Bill would let Atlantic City end lifeguard pension system
New Jersey lawmakers have introduced a bill that would no longer require Atlantic City and other local governments to have a pension system for retired lifeguards.
The bill sponsored by Senate President Stephen Sweeney, a Democrat, and Sen. Kevin O'Toole, a Republican, would allow communities with lifeguard pension systems to end enrollment or terminate the fund. If the fund is eliminated, retired lifeguards wouldn't forfeit payments they've already received, The Press of Atlantic City reported.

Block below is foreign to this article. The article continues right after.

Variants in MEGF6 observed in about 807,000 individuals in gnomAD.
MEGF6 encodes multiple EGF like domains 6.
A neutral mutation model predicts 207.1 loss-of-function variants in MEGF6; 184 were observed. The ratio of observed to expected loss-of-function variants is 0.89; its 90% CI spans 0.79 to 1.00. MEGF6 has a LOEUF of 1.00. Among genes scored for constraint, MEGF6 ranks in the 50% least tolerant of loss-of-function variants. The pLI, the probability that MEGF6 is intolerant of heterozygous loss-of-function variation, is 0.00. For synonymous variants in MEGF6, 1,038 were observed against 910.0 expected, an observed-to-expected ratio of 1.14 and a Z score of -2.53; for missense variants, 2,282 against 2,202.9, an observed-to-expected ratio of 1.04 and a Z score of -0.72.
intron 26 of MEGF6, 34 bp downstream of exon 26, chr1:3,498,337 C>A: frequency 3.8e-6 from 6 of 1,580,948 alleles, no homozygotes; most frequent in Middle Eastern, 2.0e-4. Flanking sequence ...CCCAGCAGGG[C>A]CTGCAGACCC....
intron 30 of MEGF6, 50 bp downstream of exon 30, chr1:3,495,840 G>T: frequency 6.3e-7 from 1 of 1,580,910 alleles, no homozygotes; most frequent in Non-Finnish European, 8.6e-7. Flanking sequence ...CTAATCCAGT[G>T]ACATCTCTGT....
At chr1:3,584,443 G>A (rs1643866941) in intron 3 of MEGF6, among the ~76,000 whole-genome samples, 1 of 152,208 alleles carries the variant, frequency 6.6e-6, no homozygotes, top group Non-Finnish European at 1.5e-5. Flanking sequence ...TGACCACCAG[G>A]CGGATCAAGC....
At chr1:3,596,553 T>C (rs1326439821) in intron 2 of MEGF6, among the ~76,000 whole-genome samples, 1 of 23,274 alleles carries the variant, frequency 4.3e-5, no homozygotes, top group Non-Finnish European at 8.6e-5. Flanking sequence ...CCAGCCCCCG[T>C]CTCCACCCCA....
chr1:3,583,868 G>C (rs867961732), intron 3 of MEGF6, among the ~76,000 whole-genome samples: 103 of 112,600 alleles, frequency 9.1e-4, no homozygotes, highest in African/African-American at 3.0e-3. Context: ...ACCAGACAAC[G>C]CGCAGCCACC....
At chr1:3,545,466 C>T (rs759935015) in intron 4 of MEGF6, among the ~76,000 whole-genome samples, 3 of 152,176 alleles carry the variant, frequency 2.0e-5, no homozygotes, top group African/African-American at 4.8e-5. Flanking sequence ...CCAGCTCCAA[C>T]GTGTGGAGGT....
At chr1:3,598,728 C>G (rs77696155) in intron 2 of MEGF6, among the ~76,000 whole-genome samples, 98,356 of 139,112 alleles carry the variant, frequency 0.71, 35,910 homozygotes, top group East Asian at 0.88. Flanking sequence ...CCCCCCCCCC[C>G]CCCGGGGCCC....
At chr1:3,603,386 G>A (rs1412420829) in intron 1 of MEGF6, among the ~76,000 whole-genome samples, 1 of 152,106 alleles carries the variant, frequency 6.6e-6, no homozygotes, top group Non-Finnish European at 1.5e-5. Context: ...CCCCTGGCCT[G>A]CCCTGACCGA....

Atlantic City is one of nine area coastal communities required by a 1920s state law to have the pension system. Workers older than 45 are eligible for a pension worth half their salary after 20 years of service.
The cash-strapped resort city pays more than $1 million to its retired lifeguards each year, with about 90 former guards collecting pensions ranging from $850 to as much as $61,000.
The city has been struggling financially since four of its 12 casinos closed in 2014 and the city's tax base shrank in recent years.
Republican Mayor Don Guardian thanked Sweeney for the bill Friday, saying it would be used as "one more tool" to help bring down costs in Atlantic City.
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